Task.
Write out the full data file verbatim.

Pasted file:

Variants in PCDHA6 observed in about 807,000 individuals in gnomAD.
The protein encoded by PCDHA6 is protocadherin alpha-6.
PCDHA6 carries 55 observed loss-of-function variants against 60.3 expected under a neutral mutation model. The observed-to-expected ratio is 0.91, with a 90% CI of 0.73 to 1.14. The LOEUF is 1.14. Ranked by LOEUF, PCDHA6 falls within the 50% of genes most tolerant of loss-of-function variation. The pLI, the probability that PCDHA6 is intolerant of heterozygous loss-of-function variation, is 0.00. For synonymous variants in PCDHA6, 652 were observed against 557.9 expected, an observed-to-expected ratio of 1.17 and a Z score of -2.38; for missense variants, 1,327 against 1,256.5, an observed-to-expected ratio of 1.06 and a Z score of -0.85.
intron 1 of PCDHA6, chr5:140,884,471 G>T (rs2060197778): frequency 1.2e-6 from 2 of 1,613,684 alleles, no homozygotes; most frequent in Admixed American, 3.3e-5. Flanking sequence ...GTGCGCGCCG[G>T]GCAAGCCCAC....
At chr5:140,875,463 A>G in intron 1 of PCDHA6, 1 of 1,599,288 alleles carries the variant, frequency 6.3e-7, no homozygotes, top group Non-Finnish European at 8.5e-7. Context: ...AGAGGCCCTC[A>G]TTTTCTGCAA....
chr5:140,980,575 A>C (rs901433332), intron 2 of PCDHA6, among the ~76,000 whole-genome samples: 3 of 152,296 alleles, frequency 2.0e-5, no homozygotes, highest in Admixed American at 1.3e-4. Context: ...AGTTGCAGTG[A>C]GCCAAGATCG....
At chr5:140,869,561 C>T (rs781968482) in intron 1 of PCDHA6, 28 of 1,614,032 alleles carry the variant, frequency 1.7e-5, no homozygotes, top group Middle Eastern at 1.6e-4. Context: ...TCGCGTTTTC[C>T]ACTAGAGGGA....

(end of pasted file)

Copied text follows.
Variants in PCDHA6 observed in about 807,000 individuals in gnomAD.
The protein encoded by PCDHA6 is protocadherin alpha-6.
PCDHA6 carries 55 observed loss-of-function variants against 60.3 expected under a neutral mutation model. The observed-to-expected ratio is 0.91, with a 90% CI of 0.73 to 1.14. The LOEUF is 1.14. Ranked by LOEUF, PCDHA6 falls within the 50% of genes most tolerant of loss-of-function variation. The pLI, the probability that PCDHA6 is intolerant of heterozygous loss-of-function variation, is 0.00. For synonymous variants in PCDHA6, 652 were observed against 557.9 expected, an observed-to-expected ratio of 1.17 and a Z score of -2.38; for missense variants, 1,327 against 1,256.5, an observed-to-expected ratio of 1.06 and a Z score of -0.85.
intron 1 of PCDHA6, chr5:140,884,471 G>T (rs2060197778): frequency 1.2e-6 from 2 of 1,613,684 alleles, no homozygotes; most frequent in Admixed American, 3.3e-5. Flanking sequence ...GTGCGCGCCG[G>T]GCAAGCCCAC....
At chr5:140,875,463 A>G in intron 1 of PCDHA6, 1 of 1,599,288 alleles carries the variant, frequency 6.3e-7, no homozygotes, top group Non-Finnish European at 8.5e-7. Context: ...AGAGGCCCTC[A>G]TTTTCTGCAA....
chr5:140,980,575 A>C (rs901433332), intron 2 of PCDHA6, among the ~76,000 whole-genome samples: 3 of 152,296 alleles, frequency 2.0e-5, no homozygotes, highest in Admixed American at 1.3e-4. Context: ...AGTTGCAGTG[A>C]GCCAAGATCG....
At chr5:140,869,561 C>T (rs781968482) in intron 1 of PCDHA6, 28 of 1,614,032 alleles carry the variant, frequency 1.7e-5, no homozygotes, top group Middle Eastern at 1.6e-4. Context: ...TCGCGTTTTC[C>T]ACTAGAGGGA....